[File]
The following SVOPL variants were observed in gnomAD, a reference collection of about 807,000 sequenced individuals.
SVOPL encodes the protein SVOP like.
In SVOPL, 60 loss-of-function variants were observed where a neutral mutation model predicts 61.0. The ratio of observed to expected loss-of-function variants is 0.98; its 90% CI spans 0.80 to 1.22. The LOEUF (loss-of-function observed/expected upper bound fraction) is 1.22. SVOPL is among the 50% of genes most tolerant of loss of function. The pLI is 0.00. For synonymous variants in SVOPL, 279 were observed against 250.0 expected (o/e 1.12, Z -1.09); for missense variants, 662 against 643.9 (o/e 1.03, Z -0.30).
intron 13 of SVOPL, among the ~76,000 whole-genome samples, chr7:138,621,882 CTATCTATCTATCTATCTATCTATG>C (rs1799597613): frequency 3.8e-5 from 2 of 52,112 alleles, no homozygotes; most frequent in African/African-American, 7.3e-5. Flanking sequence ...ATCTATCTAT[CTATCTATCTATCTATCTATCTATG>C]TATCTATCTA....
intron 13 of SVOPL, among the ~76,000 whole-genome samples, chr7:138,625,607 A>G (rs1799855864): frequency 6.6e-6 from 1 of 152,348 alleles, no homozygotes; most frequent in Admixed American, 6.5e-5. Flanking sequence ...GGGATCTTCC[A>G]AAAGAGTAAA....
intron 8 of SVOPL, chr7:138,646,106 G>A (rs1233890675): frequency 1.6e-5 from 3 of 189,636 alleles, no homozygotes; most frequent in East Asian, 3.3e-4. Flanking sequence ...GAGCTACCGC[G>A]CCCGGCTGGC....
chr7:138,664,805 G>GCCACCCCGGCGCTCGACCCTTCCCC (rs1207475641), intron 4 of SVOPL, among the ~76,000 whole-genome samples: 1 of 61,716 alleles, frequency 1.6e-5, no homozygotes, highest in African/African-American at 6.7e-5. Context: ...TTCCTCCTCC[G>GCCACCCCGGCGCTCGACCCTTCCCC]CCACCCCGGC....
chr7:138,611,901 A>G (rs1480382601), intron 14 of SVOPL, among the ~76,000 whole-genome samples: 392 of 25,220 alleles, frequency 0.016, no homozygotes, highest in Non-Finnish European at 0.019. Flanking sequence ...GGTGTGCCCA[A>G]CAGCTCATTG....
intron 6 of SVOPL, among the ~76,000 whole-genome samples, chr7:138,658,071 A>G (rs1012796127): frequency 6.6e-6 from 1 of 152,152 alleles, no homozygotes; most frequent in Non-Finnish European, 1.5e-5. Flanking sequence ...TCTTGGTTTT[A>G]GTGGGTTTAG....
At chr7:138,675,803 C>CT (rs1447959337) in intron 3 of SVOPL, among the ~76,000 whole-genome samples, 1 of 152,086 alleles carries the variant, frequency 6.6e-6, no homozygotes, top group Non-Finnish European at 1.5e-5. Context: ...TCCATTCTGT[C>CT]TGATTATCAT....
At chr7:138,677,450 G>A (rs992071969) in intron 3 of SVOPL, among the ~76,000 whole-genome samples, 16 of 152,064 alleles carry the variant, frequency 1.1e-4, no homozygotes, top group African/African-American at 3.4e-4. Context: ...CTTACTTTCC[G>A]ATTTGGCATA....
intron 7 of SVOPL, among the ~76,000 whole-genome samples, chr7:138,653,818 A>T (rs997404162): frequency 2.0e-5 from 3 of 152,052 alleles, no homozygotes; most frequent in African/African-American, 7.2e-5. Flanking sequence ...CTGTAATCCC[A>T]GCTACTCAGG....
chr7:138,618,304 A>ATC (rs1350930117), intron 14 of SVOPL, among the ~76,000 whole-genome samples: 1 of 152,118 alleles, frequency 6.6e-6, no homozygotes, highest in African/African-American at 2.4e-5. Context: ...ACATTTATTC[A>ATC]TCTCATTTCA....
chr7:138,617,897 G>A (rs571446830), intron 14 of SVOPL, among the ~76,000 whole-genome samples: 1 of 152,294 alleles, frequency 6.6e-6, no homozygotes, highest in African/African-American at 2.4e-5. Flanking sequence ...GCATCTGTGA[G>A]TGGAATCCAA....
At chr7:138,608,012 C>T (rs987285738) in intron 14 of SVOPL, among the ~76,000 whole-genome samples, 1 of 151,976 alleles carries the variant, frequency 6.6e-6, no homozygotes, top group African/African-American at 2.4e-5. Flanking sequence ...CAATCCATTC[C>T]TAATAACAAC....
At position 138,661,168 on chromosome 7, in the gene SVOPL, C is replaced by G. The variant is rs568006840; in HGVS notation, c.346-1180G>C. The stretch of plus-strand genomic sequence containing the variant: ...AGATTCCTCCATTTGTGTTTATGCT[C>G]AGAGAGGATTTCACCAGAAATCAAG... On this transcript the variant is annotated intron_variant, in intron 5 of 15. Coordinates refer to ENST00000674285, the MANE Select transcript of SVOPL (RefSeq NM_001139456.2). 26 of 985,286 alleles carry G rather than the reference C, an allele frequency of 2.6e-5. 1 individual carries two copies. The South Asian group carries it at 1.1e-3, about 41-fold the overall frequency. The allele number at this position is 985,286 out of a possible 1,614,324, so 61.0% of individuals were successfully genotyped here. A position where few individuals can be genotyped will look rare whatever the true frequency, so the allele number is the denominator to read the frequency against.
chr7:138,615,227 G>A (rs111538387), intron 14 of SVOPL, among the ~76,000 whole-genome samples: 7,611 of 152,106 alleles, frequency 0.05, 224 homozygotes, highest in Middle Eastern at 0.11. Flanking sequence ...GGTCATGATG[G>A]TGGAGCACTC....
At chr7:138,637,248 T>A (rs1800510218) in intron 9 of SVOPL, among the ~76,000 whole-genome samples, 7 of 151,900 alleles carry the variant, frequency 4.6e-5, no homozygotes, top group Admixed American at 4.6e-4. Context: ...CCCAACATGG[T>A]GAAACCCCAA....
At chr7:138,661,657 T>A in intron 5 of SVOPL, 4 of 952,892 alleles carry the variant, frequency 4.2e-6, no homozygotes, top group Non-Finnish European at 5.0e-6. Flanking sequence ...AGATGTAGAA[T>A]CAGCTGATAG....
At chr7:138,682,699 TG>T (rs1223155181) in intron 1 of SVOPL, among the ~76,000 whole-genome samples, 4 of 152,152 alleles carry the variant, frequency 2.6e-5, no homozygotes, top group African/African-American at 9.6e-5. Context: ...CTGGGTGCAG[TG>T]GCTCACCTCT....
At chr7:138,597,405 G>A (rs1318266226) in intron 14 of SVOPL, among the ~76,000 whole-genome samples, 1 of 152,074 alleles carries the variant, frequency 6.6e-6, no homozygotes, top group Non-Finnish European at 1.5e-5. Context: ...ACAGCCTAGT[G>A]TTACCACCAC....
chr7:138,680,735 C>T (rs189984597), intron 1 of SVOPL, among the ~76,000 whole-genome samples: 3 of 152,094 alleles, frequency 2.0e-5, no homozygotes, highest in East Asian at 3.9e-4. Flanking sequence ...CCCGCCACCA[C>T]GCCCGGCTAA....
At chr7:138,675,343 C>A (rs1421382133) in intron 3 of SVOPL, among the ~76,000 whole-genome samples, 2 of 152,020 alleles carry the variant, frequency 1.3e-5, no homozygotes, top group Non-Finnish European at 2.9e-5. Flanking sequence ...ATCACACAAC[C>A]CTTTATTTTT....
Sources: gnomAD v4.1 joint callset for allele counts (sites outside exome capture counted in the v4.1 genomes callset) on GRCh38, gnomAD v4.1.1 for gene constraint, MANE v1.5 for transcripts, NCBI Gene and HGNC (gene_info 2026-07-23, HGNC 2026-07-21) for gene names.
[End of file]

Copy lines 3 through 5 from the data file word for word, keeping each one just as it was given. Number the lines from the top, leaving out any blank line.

In SVOPL, 60 loss-of-function variants were observed where a neutral mutation model predicts 61.0. The ratio of observed to expected loss-of-function variants is 0.98; its 90% CI spans 0.80 to 1.22. The LOEUF (loss-of-function observed/expected upper bound fraction) is 1.22. SVOPL is among the 50% of genes most tolerant of loss of function. The pLI is 0.00. For synonymous variants in SVOPL, 279 were observed against 250.0 expected (o/e 1.12, Z -1.09); for missense variants, 662 against 643.9 (o/e 1.03, Z -0.30).
intron 13 of SVOPL, among the ~76,000 whole-genome samples, chr7:138,621,882 CTATCTATCTATCTATCTATCTATG>C (rs1799597613): frequency 3.8e-5 from 2 of 52,112 alleles, no homozygotes; most frequent in African/African-American, 7.3e-5. Flanking sequence ...ATCTATCTAT[CTATCTATCTATCTATCTATCTATG>C]TATCTATCTA....
intron 13 of SVOPL, among the ~76,000 whole-genome samples, chr7:138,625,607 A>G (rs1799855864): frequency 6.6e-6 from 1 of 152,348 alleles, no homozygotes; most frequent in Admixed American, 6.5e-5. Flanking sequence ...GGGATCTTCC[A>G]AAAGAGTAAA....